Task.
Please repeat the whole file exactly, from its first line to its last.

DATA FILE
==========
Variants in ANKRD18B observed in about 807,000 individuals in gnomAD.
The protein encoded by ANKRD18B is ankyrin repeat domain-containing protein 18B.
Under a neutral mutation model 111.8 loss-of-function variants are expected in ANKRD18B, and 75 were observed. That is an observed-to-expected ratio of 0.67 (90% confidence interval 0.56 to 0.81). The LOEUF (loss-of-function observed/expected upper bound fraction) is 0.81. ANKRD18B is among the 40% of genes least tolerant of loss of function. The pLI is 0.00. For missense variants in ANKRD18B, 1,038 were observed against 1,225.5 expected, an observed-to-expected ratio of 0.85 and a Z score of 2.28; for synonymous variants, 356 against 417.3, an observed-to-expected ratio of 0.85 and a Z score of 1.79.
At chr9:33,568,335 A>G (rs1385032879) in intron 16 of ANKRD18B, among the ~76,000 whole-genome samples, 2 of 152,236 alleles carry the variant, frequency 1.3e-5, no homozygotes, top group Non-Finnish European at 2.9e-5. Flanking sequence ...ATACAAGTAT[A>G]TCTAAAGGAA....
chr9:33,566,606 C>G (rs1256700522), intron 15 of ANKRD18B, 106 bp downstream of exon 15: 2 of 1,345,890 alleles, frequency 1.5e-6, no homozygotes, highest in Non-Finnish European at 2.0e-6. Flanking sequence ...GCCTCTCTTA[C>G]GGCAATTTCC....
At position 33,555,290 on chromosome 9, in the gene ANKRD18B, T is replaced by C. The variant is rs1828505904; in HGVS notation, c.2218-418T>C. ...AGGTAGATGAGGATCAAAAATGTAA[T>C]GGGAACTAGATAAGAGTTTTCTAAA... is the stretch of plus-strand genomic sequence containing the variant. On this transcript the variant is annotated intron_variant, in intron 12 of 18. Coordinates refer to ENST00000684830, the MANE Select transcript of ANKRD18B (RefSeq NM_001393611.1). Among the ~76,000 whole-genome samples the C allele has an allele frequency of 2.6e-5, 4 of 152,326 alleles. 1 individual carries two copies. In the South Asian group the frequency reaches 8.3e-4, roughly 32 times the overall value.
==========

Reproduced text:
Variants in ANKRD18B observed in about 807,000 individuals in gnomAD.
The protein encoded by ANKRD18B is ankyrin repeat domain-containing protein 18B.
Under a neutral mutation model 111.8 loss-of-function variants are expected in ANKRD18B, and 75 were observed. That is an observed-to-expected ratio of 0.67 (90% confidence interval 0.56 to 0.81). The LOEUF (loss-of-function observed/expected upper bound fraction) is 0.81. ANKRD18B is among the 40% of genes least tolerant of loss of function. The pLI is 0.00. For missense variants in ANKRD18B, 1,038 were observed against 1,225.5 expected, an observed-to-expected ratio of 0.85 and a Z score of 2.28; for synonymous variants, 356 against 417.3, an observed-to-expected ratio of 0.85 and a Z score of 1.79.
At chr9:33,568,335 A>G (rs1385032879) in intron 16 of ANKRD18B, among the ~76,000 whole-genome samples, 2 of 152,236 alleles carry the variant, frequency 1.3e-5, no homozygotes, top group Non-Finnish European at 2.9e-5. Flanking sequence ...ATACAAGTAT[A>G]TCTAAAGGAA....
chr9:33,566,606 C>G (rs1256700522), intron 15 of ANKRD18B, 106 bp downstream of exon 15: 2 of 1,345,890 alleles, frequency 1.5e-6, no homozygotes, highest in Non-Finnish European at 2.0e-6. Flanking sequence ...GCCTCTCTTA[C>G]GGCAATTTCC....
At position 33,555,290 on chromosome 9, in the gene ANKRD18B, T is replaced by C. The variant is rs1828505904; in HGVS notation, c.2218-418T>C. ...AGGTAGATGAGGATCAAAAATGTAA[T>C]GGGAACTAGATAAGAGTTTTCTAAA... is the stretch of plus-strand genomic sequence containing the variant. On this transcript the variant is annotated intron_variant, in intron 12 of 18. Coordinates refer to ENST00000684830, the MANE Select transcript of ANKRD18B (RefSeq NM_001393611.1). Among the ~76,000 whole-genome samples the C allele has an allele frequency of 2.6e-5, 4 of 152,326 alleles. 1 individual carries two copies. In the South Asian group the frequency reaches 8.3e-4, roughly 32 times the overall value.